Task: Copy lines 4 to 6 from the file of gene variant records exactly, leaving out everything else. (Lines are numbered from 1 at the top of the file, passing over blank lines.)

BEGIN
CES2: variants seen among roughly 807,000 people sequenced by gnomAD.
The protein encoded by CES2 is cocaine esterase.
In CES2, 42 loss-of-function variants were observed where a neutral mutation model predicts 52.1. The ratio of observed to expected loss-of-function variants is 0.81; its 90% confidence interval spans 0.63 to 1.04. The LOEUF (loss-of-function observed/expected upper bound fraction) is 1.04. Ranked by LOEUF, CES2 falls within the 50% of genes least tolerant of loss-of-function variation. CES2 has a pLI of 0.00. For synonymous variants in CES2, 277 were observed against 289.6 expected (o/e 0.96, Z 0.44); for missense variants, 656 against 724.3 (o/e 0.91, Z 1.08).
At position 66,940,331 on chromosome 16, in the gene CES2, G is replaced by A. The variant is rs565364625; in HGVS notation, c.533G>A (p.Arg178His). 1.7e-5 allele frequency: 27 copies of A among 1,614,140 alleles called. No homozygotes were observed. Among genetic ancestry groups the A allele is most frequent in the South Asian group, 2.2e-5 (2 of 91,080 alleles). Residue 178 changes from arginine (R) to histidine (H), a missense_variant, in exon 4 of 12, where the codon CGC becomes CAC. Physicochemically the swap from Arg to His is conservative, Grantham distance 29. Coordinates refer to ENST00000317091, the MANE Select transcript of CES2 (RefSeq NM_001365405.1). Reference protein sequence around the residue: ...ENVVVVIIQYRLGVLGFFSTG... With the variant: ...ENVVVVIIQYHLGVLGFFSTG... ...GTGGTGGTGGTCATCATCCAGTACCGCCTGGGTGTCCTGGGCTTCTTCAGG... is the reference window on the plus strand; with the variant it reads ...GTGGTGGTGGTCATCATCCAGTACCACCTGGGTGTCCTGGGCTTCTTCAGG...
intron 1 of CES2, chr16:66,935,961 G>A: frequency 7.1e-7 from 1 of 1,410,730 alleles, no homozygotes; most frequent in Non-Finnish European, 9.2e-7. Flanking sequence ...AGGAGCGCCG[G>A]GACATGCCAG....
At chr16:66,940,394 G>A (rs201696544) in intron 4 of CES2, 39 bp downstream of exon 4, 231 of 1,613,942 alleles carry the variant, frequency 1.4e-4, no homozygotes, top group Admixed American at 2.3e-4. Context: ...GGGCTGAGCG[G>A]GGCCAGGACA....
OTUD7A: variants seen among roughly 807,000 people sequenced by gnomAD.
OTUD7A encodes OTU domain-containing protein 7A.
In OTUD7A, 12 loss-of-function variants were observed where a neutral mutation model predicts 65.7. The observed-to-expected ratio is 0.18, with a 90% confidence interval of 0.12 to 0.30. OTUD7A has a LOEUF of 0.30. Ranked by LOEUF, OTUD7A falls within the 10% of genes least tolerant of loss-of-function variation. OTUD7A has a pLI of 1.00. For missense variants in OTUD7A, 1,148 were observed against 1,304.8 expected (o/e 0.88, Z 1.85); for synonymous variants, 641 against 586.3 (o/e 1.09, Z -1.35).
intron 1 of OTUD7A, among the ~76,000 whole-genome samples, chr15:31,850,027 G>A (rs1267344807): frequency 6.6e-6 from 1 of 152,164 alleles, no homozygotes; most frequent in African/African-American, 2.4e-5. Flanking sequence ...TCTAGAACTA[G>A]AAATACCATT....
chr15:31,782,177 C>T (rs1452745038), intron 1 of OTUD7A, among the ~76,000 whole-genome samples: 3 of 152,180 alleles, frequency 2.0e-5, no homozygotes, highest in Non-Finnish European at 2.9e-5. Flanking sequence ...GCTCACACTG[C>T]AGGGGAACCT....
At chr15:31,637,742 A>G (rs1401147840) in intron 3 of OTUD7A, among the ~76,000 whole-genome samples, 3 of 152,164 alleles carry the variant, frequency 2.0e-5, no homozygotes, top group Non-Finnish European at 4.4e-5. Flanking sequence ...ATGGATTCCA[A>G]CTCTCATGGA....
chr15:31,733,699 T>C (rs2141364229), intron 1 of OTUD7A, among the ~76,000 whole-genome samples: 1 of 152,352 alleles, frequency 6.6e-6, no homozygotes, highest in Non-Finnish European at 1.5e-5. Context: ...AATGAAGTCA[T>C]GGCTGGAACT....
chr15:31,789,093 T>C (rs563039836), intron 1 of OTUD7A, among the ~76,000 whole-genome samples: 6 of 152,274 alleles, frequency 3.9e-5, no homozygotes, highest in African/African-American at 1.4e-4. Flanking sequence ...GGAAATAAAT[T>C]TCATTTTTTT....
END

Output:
At position 66,940,331 on chromosome 16, in the gene CES2, G is replaced by A. The variant is rs565364625; in HGVS notation, c.533G>A (p.Arg178His). 1.7e-5 allele frequency: 27 copies of A among 1,614,140 alleles called. No homozygotes were observed. Among genetic ancestry groups the A allele is most frequent in the South Asian group, 2.2e-5 (2 of 91,080 alleles). Residue 178 changes from arginine (R) to histidine (H), a missense_variant, in exon 4 of 12, where the codon CGC becomes CAC. Physicochemically the swap from Arg to His is conservative, Grantham distance 29. Coordinates refer to ENST00000317091, the MANE Select transcript of CES2 (RefSeq NM_001365405.1). Reference protein sequence around the residue: ...ENVVVVIIQYRLGVLGFFSTG... With the variant: ...ENVVVVIIQYHLGVLGFFSTG... ...GTGGTGGTGGTCATCATCCAGTACCGCCTGGGTGTCCTGGGCTTCTTCAGG... is the reference window on the plus strand; with the variant it reads ...GTGGTGGTGGTCATCATCCAGTACCACCTGGGTGTCCTGGGCTTCTTCAGG...
intron 1 of CES2, chr16:66,935,961 G>A: frequency 7.1e-7 from 1 of 1,410,730 alleles, no homozygotes; most frequent in Non-Finnish European, 9.2e-7. Flanking sequence ...AGGAGCGCCG[G>A]GACATGCCAG....
At chr16:66,940,394 G>A (rs201696544) in intron 4 of CES2, 39 bp downstream of exon 4, 231 of 1,613,942 alleles carry the variant, frequency 1.4e-4, no homozygotes, top group Admixed American at 2.3e-4. Context: ...GGGCTGAGCG[G>A]GGCCAGGACA....